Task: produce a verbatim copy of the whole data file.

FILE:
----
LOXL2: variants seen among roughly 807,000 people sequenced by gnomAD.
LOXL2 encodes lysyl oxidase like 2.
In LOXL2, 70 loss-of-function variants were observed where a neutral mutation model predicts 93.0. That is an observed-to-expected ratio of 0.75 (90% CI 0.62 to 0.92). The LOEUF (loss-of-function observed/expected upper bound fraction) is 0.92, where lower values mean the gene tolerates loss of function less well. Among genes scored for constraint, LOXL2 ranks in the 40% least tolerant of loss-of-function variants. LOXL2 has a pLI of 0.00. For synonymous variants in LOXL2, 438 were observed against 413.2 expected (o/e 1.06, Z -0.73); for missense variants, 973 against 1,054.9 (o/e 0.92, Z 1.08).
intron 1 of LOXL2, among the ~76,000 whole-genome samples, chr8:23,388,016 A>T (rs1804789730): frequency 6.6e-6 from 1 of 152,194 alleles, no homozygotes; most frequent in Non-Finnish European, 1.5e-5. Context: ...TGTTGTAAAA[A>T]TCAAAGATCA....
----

LOXL2: variants seen among roughly 807,000 people sequenced by gnomAD.
LOXL2 encodes lysyl oxidase like 2.
In LOXL2, 70 loss-of-function variants were observed where a neutral mutation model predicts 93.0. That is an observed-to-expected ratio of 0.75 (90% CI 0.62 to 0.92). The LOEUF (loss-of-function observed/expected upper bound fraction) is 0.92, where lower values mean the gene tolerates loss of function less well. Among genes scored for constraint, LOXL2 ranks in the 40% least tolerant of loss-of-function variants. LOXL2 has a pLI of 0.00. For synonymous variants in LOXL2, 438 were observed against 413.2 expected (o/e 1.06, Z -0.73); for missense variants, 973 against 1,054.9 (o/e 0.92, Z 1.08).
intron 1 of LOXL2, among the ~76,000 whole-genome samples, chr8:23,388,016 A>T (rs1804789730): frequency 6.6e-6 from 1 of 152,194 alleles, no homozygotes; most frequent in Non-Finnish European, 1.5e-5. Context: ...TGTTGTAAAA[A>T]TCAAAGATCA....